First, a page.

By Ruth Jacob
It’s the most important time of year for high street retailers. Christmas is the time when sales are at their highest and traditionally windows are the most flamboyant. For some stores, the windows are an attraction in themselves making an alternative family day out for consumers. When windows are essential in driving footfall in-store we take a look at some of the best in our capital.
Harvey Nichols (pictured above)
Harvey Nichols housed an excellent display in their main store windows; a ‘colour-coordinated, winter wonderland’ could be seen from window to window throughout the department store. Christmas trees, which corresponded with the contents of each window displays, could be seen outside of each window display.
The side window also housed colour-coordinated products ranging from evening gowns, to gloves and accessories to eye waxing kits. These window displays also appeared to portray less subtle surrounding, compared to the front windows. The windows appeared to have a blizzard theme, with chunky blocks and large balls can be seen to represent snowballs.
Harrods windows involved an enchanted forest theme, including snow covered trees and a crystal adorned fairy. Winter snow could be seen on the grounds of the window displays. Numerous mannequins could be seen all dresses in evening gowns and tuxedos all of which enhanced the Christmas party season.
Wide screen TV monitors were used in some of the window displays and attracted customer attention as they walked by the department store, but they also helped to illustrate the wide product range that is available in store.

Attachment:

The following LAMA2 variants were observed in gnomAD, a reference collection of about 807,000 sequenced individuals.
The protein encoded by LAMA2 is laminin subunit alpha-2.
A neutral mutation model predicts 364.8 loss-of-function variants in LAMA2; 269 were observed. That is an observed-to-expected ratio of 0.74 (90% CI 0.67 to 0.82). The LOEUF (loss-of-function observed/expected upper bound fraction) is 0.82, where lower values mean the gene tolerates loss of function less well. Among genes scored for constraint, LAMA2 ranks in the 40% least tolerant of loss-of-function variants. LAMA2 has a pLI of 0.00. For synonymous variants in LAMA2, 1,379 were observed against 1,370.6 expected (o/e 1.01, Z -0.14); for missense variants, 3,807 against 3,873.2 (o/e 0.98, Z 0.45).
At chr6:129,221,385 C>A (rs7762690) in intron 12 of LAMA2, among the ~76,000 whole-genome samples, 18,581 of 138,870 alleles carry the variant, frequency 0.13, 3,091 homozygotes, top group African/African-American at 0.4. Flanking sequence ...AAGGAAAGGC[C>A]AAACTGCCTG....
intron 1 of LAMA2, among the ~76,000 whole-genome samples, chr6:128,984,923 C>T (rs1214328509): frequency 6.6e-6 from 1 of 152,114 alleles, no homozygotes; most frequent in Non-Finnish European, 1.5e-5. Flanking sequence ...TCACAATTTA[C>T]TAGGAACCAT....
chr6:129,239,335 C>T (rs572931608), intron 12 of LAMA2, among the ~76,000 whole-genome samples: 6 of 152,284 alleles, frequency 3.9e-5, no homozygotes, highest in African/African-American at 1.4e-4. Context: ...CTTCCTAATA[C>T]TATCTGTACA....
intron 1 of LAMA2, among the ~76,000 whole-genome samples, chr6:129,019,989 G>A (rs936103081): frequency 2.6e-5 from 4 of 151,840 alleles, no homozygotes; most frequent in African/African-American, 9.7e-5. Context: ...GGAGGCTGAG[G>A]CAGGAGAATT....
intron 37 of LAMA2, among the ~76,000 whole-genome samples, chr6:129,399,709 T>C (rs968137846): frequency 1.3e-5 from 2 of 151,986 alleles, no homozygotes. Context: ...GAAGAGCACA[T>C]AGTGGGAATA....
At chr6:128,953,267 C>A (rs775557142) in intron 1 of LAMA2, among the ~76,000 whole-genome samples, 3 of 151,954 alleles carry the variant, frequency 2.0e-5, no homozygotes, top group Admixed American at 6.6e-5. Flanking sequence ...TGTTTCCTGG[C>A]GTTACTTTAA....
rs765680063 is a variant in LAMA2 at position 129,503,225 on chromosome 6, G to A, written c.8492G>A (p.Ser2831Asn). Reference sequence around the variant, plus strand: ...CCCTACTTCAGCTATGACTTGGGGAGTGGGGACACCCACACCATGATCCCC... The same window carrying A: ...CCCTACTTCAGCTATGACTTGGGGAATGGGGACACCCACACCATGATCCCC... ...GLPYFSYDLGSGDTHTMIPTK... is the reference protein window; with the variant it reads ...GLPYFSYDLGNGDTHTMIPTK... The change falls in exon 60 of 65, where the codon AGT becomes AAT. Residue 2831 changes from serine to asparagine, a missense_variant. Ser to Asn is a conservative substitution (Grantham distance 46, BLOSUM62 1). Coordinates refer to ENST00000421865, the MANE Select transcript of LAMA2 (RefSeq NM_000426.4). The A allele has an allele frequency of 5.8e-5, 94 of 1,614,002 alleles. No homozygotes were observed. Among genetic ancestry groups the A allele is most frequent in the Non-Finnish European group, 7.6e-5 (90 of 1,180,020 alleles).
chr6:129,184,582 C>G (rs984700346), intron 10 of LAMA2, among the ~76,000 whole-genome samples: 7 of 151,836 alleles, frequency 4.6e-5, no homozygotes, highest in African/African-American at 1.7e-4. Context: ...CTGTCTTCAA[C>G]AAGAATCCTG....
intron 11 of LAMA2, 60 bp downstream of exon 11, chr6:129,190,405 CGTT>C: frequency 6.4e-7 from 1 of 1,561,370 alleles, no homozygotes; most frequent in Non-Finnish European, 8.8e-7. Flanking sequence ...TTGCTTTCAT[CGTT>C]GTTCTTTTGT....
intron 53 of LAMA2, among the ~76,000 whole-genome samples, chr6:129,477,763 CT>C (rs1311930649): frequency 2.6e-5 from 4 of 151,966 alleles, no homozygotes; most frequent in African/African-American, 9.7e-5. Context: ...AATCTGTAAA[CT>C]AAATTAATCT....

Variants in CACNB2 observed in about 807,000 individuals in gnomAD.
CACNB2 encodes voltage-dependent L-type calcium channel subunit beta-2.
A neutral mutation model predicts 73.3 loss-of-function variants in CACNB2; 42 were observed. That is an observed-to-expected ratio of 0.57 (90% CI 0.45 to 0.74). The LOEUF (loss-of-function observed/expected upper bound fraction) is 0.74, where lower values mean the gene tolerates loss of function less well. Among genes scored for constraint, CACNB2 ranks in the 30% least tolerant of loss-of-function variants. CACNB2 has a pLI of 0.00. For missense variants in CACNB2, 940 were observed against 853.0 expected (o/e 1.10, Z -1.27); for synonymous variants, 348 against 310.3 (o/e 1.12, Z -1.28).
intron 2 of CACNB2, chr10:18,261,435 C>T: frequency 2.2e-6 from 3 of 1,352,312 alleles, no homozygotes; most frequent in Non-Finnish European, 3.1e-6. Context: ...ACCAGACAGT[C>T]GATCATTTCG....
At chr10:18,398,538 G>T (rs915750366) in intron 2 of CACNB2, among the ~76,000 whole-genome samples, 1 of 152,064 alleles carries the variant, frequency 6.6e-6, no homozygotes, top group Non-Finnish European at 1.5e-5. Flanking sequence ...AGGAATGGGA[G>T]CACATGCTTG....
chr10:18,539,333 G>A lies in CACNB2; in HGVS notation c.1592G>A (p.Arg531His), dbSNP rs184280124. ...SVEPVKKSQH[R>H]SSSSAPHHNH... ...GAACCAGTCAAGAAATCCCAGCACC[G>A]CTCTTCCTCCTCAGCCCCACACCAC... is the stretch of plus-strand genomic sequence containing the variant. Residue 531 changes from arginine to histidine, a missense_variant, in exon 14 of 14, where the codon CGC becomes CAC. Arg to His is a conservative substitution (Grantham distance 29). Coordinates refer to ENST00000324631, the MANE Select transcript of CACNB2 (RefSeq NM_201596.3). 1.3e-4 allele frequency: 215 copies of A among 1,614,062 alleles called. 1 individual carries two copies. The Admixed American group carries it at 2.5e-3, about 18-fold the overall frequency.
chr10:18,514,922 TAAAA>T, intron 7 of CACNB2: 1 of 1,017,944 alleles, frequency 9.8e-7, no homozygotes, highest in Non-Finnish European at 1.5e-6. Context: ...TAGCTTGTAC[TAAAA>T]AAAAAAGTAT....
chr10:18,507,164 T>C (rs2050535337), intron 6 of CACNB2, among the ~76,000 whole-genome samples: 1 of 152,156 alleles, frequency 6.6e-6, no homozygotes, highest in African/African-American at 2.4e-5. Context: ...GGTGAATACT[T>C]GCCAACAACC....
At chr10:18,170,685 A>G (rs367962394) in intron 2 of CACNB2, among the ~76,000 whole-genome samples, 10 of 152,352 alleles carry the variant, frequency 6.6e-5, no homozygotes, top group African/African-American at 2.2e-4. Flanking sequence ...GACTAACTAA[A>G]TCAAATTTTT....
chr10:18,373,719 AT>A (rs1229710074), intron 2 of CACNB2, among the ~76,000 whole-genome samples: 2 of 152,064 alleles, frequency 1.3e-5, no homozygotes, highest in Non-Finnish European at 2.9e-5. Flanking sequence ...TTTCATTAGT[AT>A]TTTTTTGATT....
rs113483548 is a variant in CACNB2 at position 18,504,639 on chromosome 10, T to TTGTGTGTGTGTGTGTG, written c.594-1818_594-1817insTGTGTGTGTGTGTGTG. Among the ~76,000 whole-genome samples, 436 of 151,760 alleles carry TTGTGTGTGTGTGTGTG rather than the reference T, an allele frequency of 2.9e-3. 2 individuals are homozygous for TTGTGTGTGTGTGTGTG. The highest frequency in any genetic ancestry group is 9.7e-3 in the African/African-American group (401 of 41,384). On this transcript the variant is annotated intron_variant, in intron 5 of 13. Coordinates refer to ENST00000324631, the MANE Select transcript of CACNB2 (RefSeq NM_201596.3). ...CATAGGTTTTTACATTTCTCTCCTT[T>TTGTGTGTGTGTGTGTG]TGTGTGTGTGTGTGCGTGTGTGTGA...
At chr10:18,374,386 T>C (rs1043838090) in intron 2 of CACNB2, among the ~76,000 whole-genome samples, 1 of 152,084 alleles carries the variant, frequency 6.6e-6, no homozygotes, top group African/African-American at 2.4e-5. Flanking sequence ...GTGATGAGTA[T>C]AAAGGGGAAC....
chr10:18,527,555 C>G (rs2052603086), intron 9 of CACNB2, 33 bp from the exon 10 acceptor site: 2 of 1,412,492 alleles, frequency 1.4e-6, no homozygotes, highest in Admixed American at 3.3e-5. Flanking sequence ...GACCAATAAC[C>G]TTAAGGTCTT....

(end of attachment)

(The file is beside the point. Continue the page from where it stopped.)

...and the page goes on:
The Oxford Street department store, delivered an eye-catching variety of visuals. Colour co-ordinated mannequins draped in seasonal party wear could be seen on snow-covered grounds, all in front of a blue backboard. One window display included a tree, adorned with co-ordinating decorations and mannequins.
TV monitors show seasonal adverts can be seen in one of the store window displays and helped to attract customer attention as they walk by the department store. This window included snow covered Christmas trees, decorated with Jo Malone perfume bottles.
The window display in John Lewis comprised of ranges of the store’s products, being placed in starry blue backboards. Also more product ranges could be seen on top of blue Christmas parcels.
The main backboard was a plain white colour, but allowed the blue backboard and brightly coloured products to stand out clearly in the display window.
Debenhams window display was created to appeal to all customers, whether male, female or children. One window display portrays a glamorous dinner theme; with mannequins displaying eveningwear, showing off the party season wear.
One of their most striking windows was aimed at young children, but clearly appealed to adults also. The display was set as a home environment on Christmas morning. Teddies, dolls and many other gifts, were stashed underneath a decorated Christmas tree.
One key feature was a stack of presents, which intermittently popped out a Christmas present. Moreover, all the toys moved to music, which overall demanded customer attention and brought.
Other windows were more subtly displayed, with a simple ‘Christmas Wishes’ greeting and mannequins in party dresses. The backboard, a plain white colour allowed the few decorations to contrast clearly. Giant sparklers and store products could be seen clearly in the window display.